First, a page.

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The Donors Behind Memorial Lights

Meet some of the individuals that contributed to the $325,000 controversial project.

About 344 individuals whipped out their pocketbooks to contribute to a controversial project that divided the Village of Glen Ellyn. In just 47 days, the group made the deadline and the pot of money , more than what was asked of them to install lights at turf field. 

The proposal to install lights at Memorial Field, near downtown Glen Ellyn and surrounded by homes, caused an uproar in the community. Some residents, mainly those living around the field, protested the installation of lights, while the other half encouraged the project so it could help ease the field shortage problem at the landlocked high school. Enough residents felt strongly about the issue to put it to a . 414 votes separated the two sides, the majority of residents, 54 percent, voiced their opinion in favor of lights at the turf field even though the project was already . So the final hurdle was for an ad-hoc group of residents to collect enough private funds to erect the two 60-foot and four 70-foot light poles. 

John Brodner led the fundraising charge and was able to raise enough funds from individuals and corporate matching programs to ensure a fully-funded project. Brodner said it wasn't difficult to get people to donate. Individuals contributed anywhere from just $10 to thousands.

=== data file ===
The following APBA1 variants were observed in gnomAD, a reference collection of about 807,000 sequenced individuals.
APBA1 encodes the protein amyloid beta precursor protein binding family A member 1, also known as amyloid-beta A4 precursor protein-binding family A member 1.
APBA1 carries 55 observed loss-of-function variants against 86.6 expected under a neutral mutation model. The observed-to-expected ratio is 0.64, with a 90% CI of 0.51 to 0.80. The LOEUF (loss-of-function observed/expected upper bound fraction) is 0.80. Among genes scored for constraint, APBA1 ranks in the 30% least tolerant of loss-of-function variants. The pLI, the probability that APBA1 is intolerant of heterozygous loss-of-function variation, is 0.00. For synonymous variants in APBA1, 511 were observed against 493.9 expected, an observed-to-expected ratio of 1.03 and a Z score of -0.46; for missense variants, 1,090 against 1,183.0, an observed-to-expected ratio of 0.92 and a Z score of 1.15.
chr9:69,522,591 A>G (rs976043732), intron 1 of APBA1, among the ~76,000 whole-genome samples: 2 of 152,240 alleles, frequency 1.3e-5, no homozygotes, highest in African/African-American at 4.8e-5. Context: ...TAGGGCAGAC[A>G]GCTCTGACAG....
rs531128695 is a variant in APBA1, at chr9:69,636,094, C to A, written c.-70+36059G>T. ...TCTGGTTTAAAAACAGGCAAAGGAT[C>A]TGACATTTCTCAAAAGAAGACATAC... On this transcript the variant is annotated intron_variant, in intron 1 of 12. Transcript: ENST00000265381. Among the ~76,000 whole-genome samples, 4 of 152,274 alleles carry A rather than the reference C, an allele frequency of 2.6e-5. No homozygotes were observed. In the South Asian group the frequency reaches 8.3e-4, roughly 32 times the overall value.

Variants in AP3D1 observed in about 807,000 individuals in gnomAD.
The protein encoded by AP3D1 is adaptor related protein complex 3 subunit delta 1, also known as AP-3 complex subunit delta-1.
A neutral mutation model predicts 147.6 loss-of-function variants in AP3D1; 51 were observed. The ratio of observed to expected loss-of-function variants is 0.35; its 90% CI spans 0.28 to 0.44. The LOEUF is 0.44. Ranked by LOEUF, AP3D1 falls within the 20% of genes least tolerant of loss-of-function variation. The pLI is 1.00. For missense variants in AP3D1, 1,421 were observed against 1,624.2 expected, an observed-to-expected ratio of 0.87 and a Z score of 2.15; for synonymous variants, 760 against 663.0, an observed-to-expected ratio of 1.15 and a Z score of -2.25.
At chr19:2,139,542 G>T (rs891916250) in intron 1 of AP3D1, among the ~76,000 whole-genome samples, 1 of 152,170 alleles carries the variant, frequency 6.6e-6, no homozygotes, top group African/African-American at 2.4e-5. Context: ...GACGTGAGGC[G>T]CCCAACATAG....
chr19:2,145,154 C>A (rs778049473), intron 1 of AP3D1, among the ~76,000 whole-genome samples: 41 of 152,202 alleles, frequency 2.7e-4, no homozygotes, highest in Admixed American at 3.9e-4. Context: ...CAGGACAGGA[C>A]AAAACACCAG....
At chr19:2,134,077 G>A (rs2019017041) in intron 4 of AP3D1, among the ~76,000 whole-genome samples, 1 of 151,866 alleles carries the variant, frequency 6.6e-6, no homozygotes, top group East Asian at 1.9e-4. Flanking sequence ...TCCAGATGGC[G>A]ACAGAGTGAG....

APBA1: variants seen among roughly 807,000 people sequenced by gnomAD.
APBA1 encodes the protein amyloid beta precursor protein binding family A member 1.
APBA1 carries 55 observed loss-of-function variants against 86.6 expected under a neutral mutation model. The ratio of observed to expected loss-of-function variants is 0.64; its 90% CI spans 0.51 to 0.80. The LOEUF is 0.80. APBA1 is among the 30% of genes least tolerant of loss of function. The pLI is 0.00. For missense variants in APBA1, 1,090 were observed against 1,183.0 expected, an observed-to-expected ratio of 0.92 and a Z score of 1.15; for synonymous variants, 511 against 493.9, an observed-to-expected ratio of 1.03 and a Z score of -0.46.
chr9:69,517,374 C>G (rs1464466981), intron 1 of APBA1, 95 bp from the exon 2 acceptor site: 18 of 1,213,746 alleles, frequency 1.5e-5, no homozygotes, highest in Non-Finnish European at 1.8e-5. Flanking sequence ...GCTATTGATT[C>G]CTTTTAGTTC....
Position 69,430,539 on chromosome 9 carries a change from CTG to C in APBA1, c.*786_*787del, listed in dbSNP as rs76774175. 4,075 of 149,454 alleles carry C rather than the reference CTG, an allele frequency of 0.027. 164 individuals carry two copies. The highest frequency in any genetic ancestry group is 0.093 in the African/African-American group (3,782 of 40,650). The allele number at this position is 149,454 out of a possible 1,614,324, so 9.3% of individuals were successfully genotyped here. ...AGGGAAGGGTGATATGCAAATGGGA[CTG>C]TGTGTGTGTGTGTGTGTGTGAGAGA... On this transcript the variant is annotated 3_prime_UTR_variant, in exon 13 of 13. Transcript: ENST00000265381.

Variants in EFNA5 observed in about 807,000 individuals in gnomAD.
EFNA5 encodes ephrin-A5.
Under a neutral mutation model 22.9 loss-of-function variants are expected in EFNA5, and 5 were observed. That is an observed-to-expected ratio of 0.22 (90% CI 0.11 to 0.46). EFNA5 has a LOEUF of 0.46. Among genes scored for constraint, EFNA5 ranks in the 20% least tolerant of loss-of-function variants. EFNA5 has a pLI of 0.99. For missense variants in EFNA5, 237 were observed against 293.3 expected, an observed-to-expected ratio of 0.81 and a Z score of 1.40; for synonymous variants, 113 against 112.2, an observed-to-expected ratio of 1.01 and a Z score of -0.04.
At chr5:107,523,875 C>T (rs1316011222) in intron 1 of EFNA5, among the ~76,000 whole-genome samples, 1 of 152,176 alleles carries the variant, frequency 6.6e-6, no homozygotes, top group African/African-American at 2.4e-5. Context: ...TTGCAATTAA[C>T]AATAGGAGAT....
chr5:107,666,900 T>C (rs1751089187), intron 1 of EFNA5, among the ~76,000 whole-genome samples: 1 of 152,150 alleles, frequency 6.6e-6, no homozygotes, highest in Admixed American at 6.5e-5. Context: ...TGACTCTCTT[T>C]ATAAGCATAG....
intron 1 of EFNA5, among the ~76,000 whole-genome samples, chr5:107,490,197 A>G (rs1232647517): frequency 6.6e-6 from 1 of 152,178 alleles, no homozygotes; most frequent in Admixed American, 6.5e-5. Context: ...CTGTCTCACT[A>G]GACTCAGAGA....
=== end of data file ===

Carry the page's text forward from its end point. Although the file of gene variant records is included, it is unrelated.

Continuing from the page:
"I think people support projects that have direct benefit to the community," said Brodner. 

Amy Hasso is one of the 344 who stepped up to the challenge. She and her husband have three boys, two of which will benefit from the lighted field. Hasso said she donated because lights seemed like an obvious answer to the field shortage at Glenbard West, Hasso added, it will not just benefit her boys, but many Glenbard West student athletes to come.

"We're happy to help in any way that we can," said Hasso, also a West graduate.

Steve Garwood grew up in Glen Ellyn, played sports and graduated from Glenbard West. Even though he has fond memories growing up in town, he said he didn't donate to live "vicariously back in those times." For him it was more about equity even though his son might not benefit from lights.

"We are one of only two fields in our conference that does not have lights on any field. It was done more out of a need to enhance the limited assets that we have," said Garwood.    

Glen Ellyn is a "bedroom community" to Bob Gorski, and that means children should come first.

"I think our town is passionate about our kids and giving them every opportunity we want to give them." Gorski was glad to see the community come together in such a short amount of time to raise enough funds for the project, which is slated to be complete in time for the 2012 fall season.

"I'm proud of the town coming together. I think it's a great signal to our kids and the surrounding communities," said Gorski.   

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